Family fights, disgruntled heirs, costly legal fees, court costs and unnecessary taxes are some of the things a good estate plan will avoid for you.
Making sure you get peace of mind and that your assets will stay in your family and protected are things a good estate plan will accomplish for you.
A good estate plan will also provide the possibility for loved ones to help you get government benefits (such as Medicaid), if needed. Neutralizing threats is the goal.
Usually, a good estate plan will consist of a will, a trust, powers of attorney, and related documents such as beneficiary designations, deeds, agreements not to alter, and certificates of trust.
When you get this important work done, make sure that you have the opportunity to understand how the papers work and how every asset will pass and why. This will give you peace of mind.
We provide our clients with an in-person review of the papers so we can show them how the papers will work. Certain legal concepts need to be taught to you if you want to understand how the papers work and to get the peace of mind you want.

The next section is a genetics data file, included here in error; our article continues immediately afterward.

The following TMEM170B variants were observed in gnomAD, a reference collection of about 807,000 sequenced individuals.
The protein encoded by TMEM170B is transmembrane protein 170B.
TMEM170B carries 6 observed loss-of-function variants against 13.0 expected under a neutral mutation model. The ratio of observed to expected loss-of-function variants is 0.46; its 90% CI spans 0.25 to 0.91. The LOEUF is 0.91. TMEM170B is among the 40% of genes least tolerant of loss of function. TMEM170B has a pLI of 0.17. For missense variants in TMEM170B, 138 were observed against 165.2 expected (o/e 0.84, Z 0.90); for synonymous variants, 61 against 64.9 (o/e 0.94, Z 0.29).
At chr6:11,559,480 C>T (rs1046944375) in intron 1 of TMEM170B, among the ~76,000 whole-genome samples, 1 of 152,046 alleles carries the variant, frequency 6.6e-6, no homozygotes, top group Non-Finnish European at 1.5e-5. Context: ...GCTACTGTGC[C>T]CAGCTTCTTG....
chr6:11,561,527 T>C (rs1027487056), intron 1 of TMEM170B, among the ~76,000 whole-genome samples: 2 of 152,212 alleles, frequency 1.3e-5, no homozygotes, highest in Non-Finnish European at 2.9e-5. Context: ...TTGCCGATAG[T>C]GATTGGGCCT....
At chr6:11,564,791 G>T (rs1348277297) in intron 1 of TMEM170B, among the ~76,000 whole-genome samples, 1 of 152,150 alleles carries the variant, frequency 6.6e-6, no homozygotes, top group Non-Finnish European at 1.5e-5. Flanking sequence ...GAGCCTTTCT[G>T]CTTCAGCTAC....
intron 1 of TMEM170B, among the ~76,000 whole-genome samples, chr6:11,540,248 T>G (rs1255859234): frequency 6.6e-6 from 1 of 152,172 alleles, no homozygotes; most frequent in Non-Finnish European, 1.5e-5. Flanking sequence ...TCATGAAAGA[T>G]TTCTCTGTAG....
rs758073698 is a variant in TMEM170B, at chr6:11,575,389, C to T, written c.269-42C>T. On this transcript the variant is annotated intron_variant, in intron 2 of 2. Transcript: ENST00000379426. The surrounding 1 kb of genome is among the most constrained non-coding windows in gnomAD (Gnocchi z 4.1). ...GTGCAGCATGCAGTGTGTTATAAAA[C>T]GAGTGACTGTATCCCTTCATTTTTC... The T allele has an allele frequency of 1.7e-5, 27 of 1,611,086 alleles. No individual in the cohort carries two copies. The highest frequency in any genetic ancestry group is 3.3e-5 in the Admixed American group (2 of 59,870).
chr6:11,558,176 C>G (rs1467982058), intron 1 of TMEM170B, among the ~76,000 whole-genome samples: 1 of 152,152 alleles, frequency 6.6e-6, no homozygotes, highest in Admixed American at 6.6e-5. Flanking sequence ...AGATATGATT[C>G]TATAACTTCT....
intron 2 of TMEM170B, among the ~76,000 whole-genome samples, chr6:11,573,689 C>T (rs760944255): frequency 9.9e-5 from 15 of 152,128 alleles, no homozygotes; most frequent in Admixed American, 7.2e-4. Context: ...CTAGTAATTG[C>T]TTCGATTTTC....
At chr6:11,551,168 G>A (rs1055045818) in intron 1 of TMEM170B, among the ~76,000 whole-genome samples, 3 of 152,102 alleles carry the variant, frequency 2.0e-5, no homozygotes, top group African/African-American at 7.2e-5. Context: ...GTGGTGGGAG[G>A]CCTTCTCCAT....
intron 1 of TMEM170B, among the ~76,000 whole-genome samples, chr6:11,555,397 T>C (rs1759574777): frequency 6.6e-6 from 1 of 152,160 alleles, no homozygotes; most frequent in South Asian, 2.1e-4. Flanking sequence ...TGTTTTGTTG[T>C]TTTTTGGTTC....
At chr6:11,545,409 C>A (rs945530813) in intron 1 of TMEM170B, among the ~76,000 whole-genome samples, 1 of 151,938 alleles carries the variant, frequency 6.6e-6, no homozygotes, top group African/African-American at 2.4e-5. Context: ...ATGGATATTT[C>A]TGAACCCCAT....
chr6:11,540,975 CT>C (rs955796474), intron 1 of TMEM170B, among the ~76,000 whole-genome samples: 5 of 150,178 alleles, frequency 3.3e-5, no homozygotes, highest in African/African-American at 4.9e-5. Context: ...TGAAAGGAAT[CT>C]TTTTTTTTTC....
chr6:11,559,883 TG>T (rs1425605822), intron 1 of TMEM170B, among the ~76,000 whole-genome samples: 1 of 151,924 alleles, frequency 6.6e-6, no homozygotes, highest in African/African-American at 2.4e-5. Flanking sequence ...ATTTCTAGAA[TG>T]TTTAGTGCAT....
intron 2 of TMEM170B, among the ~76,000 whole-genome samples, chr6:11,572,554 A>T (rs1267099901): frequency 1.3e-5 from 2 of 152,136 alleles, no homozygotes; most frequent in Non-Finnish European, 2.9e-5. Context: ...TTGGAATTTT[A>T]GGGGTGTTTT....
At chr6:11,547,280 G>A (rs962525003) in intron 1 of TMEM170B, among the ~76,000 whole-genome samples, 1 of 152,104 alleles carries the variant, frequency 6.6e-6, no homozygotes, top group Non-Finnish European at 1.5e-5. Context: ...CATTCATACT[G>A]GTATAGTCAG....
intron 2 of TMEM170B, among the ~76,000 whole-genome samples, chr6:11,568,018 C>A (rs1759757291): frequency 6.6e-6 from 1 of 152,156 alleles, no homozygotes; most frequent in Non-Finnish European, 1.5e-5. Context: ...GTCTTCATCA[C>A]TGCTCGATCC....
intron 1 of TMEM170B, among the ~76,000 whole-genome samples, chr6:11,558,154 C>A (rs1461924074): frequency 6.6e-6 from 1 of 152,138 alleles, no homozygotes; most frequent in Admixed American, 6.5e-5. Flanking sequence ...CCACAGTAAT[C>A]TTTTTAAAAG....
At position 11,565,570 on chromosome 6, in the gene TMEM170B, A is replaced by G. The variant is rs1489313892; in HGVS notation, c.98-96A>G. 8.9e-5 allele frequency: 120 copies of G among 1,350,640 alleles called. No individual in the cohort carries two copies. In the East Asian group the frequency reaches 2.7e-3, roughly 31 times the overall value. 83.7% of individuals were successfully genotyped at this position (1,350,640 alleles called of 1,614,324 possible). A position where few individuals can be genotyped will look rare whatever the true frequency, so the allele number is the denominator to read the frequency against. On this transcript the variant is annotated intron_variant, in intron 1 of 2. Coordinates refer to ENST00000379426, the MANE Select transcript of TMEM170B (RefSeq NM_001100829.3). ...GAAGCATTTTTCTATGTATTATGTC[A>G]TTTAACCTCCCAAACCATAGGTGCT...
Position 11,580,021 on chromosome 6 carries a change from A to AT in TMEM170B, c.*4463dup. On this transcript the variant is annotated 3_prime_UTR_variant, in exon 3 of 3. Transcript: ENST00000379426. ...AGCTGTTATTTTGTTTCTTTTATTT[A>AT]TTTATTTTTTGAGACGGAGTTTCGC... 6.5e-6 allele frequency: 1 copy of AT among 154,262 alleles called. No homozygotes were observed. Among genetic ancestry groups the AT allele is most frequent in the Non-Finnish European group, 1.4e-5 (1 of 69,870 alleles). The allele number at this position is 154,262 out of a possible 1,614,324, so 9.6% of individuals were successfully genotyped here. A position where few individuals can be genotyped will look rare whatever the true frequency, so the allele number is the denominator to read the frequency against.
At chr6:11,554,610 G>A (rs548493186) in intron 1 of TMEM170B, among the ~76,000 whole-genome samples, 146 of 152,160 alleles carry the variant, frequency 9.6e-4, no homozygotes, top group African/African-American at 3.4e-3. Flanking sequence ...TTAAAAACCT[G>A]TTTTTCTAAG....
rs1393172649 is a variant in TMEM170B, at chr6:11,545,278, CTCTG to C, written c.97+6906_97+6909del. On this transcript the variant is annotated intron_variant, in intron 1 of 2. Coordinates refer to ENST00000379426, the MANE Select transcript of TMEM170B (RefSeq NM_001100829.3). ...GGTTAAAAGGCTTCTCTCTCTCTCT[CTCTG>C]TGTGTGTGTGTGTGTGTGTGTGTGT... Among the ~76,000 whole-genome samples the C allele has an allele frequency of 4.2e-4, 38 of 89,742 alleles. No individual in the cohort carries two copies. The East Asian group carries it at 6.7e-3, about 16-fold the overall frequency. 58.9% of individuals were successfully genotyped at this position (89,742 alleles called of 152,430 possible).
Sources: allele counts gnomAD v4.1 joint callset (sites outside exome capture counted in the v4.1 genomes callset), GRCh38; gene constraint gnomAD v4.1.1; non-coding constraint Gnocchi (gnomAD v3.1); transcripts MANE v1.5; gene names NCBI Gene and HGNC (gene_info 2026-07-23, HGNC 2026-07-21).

Assume, for instance, Jack and Jill have one child named Spencer, who has a wife named Tracy and a daughter named Jillian.
Jill has a child from a prior marriage whose name is Avery.
Jack wants everything to go to his spouse Jill, but on her death he wants to make sure it will go to Spencer in such a way that Tracy will never get it if they get divorced.
Ultimately, he wants what is left after Spencer passes to go to Jillian, and not to Avery.
Can this be accomplished? Yes, we can put Jack’s assets into his trust and direct that if Jill survives, the assets go into a trust for her benefit during her life, with a remainder to Spencer, in trust, and ultimately to Jillian.
Usually, we say if Jillian is under age 30, her share will be held in trust for her education and benefit until she attains age 30.
Assume also that Jack has a substantial IRA, and he wants some monies to go to Jillian right away if he passes. It would be a good idea to consider having some of his IRA to go into a trust for her benefit.
This would take advantage of substantial income tax deferral, as the money could grow in a tax-deferred environment. The required minimum distributions could be set over Jillian’s life expectancy, which can equate to substantial value for Jillian, over time.
Mark F. Winn, J.D., Master of Laws (LL.M.) in estate planning, is a local asset protection, estate planning and elder law attorney. www.mwinnesq.com